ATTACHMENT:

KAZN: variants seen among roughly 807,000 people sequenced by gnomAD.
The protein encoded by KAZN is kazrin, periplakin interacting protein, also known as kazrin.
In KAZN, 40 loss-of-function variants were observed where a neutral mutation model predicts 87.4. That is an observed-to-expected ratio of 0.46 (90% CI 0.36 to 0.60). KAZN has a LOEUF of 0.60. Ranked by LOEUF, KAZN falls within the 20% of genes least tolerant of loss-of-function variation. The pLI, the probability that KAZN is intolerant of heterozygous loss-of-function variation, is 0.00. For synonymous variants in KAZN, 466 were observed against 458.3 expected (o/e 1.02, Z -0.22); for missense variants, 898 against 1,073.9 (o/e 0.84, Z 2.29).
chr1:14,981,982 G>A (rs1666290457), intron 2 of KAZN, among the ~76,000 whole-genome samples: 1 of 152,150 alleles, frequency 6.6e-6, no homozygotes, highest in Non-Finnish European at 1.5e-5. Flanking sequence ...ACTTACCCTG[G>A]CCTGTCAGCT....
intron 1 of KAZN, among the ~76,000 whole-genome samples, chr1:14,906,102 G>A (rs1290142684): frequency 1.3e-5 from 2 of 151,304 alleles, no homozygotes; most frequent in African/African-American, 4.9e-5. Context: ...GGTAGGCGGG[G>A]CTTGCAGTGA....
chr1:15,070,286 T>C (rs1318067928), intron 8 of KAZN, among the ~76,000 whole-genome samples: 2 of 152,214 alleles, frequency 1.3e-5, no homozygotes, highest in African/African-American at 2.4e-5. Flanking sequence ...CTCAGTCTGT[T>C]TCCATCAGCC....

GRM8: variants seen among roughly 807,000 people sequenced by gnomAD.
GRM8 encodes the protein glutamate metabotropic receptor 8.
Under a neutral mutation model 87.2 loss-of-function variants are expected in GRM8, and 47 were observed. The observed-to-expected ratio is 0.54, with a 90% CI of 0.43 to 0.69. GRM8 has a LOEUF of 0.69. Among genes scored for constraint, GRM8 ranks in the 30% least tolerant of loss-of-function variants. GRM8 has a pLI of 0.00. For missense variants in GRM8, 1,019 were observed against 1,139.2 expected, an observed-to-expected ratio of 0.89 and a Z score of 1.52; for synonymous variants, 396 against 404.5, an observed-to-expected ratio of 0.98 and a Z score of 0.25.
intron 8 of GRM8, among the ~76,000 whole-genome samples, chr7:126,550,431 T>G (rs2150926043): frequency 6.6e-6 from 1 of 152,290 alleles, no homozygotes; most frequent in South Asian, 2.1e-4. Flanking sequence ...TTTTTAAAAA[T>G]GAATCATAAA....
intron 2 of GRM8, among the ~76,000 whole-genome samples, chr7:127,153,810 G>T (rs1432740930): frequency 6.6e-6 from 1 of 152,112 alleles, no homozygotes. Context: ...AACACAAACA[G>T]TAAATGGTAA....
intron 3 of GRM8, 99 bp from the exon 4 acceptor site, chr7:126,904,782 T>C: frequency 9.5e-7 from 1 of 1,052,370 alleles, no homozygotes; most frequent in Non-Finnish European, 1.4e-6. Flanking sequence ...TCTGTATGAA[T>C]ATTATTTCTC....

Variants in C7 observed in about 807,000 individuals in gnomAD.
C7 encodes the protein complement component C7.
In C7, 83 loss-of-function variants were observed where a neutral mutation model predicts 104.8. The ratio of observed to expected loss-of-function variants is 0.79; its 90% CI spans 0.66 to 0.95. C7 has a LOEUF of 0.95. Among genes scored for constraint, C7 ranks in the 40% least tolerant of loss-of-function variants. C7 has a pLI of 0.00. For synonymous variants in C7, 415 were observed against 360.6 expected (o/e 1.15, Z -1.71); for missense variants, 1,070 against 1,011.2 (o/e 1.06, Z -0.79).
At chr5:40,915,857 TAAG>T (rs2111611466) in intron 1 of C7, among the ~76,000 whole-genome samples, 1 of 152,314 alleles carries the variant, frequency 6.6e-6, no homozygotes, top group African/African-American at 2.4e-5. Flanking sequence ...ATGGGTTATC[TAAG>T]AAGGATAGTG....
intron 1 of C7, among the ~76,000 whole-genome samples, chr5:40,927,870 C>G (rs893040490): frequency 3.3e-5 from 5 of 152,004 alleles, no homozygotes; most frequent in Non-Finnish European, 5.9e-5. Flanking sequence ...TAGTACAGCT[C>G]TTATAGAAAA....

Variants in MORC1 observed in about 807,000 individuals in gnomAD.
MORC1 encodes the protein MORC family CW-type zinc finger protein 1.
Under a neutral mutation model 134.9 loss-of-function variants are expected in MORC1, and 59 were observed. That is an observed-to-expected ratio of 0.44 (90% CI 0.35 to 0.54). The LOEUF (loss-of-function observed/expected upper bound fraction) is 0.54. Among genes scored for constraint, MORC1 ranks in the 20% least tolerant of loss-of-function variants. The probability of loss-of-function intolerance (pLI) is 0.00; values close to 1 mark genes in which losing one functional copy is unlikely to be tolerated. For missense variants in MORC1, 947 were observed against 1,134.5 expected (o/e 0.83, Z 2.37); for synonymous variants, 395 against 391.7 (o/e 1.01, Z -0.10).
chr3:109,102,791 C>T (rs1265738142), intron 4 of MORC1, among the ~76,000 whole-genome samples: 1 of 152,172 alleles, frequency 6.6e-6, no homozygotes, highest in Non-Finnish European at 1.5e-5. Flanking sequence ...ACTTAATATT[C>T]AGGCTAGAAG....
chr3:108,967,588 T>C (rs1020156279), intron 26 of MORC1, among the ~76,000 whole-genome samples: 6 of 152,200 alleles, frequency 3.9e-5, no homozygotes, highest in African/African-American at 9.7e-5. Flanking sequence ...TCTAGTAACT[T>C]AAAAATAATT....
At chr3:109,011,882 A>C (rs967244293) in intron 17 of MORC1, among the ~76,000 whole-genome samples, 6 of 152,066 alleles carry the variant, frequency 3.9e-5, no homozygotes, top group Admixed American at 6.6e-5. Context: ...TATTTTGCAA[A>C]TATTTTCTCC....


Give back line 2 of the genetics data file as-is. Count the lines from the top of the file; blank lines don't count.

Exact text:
The protein encoded by KAZN is kazrin, periplakin interacting protein, also known as kazrin.